Did you see this Office 365 news this week? Plus, we're just now taking in the news of the end of the auto-hosted apps preview program and what that might mean. And we're curious about documenting in the cloud. Read on!
One Reason You DON’T Have to Learn PowerShell (But it still would be a good plan to)
In the past, if you wanted to add a generic top-level domain such as .art or .design to Office 365, you had to use Windows PowerShell. But now you can. Without PowerShell.
Check out what Microsoft senior product marketing manager Lawrence Chiu has to say at the Office Blog.
Auto-Hosted Apps No More
On May 16, the Office 365 team wrote “We’re announcing today that the Office 365 Autohosted Apps Preview program will end on June 30, 2014. After June 30th, developers will not be able to create new autohosted apps in SharePoint. Apps that are currently running in the service will not be affected or shut down. We’ll post an update on this blog once we have an exact date of the shutdown of autohosted apps running in the service.”
The team noted it was “working closely with the Azure and Visual Studio teams to incorporate developers’ feedback and evolve the autohosted apps model, as well as … deliver a seamless experience for developers by the end of this year.”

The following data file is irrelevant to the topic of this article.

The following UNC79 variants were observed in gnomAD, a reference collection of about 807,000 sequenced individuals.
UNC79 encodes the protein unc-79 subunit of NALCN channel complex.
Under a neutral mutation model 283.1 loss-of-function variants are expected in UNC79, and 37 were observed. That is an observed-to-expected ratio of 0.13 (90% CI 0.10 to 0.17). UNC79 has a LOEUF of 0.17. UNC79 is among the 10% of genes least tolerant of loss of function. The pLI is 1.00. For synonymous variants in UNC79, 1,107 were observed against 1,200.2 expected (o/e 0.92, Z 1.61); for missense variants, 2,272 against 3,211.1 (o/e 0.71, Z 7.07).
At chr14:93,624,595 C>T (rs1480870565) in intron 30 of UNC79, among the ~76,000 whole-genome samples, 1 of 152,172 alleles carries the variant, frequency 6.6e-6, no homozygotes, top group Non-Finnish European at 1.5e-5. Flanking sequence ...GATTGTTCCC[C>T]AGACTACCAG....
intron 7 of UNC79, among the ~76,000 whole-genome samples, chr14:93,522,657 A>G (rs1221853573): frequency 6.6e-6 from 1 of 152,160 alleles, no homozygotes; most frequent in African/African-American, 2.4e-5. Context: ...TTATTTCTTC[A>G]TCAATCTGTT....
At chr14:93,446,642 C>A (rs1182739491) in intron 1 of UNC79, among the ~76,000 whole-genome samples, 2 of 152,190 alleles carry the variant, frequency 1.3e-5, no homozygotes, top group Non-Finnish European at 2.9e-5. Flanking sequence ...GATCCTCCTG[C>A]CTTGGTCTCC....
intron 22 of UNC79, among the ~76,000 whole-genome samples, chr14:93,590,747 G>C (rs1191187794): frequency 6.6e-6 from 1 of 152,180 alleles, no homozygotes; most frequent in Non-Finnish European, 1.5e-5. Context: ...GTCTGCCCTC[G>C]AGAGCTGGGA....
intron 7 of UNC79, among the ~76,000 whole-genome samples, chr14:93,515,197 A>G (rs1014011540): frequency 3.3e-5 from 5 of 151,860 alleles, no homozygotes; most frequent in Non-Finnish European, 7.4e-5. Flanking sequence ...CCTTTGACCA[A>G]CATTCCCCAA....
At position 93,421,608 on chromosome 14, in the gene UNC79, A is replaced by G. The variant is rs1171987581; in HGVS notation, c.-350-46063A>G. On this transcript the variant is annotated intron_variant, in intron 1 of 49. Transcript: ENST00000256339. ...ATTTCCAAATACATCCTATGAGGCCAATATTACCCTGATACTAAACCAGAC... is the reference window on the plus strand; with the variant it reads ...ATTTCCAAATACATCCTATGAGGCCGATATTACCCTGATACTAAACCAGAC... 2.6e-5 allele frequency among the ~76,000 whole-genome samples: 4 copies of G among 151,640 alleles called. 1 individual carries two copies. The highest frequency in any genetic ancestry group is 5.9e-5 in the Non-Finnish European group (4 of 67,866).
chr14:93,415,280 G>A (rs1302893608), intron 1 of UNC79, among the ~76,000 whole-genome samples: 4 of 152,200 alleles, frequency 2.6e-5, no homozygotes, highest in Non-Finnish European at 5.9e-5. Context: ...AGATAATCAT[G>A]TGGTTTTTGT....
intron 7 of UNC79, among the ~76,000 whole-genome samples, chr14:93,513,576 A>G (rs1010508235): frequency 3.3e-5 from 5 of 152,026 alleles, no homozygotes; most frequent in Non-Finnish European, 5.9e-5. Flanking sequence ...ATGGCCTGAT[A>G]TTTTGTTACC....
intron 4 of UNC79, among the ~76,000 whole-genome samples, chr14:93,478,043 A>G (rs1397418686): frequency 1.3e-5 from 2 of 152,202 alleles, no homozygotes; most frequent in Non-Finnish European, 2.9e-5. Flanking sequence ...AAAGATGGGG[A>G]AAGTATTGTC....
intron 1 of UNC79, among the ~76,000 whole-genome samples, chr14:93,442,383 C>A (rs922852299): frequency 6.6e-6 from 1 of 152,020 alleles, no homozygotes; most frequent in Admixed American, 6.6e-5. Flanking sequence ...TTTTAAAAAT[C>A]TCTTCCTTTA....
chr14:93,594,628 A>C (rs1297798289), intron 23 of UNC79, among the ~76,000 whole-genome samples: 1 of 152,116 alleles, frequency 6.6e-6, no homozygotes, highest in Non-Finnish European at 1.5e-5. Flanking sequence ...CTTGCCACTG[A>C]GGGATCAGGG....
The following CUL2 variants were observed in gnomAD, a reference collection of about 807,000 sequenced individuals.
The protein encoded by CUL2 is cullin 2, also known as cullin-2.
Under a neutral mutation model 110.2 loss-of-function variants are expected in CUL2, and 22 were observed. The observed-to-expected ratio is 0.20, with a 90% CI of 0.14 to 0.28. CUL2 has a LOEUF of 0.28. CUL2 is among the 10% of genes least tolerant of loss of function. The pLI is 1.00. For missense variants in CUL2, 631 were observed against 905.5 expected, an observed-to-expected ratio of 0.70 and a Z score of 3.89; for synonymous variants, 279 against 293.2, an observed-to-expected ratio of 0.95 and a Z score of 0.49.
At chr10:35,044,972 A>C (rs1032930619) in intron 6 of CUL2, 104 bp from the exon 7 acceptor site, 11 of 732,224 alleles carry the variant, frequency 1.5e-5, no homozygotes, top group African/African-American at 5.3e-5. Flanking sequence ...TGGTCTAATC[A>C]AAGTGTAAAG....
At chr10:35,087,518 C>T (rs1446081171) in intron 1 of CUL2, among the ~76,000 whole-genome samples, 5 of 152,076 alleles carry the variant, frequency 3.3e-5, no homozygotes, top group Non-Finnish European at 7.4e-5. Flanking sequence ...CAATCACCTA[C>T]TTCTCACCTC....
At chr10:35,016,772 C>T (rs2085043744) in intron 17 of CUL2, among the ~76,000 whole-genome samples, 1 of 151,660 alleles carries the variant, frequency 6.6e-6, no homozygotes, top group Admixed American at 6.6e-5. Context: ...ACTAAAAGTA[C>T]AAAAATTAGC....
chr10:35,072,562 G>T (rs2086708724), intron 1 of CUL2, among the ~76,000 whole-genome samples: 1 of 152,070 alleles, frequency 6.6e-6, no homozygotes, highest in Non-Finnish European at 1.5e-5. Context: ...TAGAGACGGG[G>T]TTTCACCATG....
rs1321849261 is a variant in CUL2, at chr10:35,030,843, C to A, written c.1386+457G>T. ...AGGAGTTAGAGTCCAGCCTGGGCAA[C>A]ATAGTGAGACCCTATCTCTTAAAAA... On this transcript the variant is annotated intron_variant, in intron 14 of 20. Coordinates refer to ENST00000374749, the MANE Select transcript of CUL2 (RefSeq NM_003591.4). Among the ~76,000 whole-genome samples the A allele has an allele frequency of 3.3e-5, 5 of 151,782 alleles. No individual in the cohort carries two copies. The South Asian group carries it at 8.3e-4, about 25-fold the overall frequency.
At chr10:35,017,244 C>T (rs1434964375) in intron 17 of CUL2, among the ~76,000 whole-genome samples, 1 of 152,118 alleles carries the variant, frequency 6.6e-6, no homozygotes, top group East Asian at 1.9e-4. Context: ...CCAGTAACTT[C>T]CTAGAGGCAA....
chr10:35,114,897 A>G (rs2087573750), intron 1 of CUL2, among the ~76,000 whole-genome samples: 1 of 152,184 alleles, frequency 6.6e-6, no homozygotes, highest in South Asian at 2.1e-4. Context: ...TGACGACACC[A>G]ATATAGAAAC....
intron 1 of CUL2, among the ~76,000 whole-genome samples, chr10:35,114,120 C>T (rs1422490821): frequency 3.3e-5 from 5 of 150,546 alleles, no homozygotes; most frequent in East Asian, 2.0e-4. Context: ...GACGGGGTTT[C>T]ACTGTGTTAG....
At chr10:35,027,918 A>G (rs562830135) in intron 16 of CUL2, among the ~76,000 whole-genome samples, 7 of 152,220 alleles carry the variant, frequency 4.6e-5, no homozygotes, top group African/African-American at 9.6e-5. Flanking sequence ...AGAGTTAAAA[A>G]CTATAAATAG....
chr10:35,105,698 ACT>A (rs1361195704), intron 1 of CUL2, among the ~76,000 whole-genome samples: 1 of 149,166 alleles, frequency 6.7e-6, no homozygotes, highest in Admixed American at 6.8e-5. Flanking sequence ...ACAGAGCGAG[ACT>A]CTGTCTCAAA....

Deconstructing this, I’m not cheered by the “deliver a seamless experience” but I’m not a developer, so I’ll leave it to them to decide what this means. Or we can all wait until December and check back.
How Much DOES Documentation Lag Behind In a Cloud-First World?
In a post on Yammer in the Office 365 Technical Group-- (and that’s a whole other story--what do you think about Microsoft requiring you to use Yammer to discuss or get help with Office 365?)--a Yammer participant said he noticed a change in access to a portal but the documentation still referred to the previous access to the portal. A commenter on his post wrote:
“In this cloud-first environment, documentation will always lag behind till there is an army of editors or documentation responsibility is opened up to trained and approved public editors.”
It makes sense—you keep rolling out new features faster, you’re going to need people to hustle to keep up with documentation.
Because their challenges have changed too, as this blog post from Adobe about authoring in an Agile environment acknowledges. The post references a whitepaper released by the UK firm Cherryleaf, and I think the challenges are similar to those in writing about cloud-based products.
You can call it a problem or you can call it an opportunity, I suppose. I vote for salary increases for the documentation folks, all of ‘em. Or permanent Employee-of-the-Month parking spots.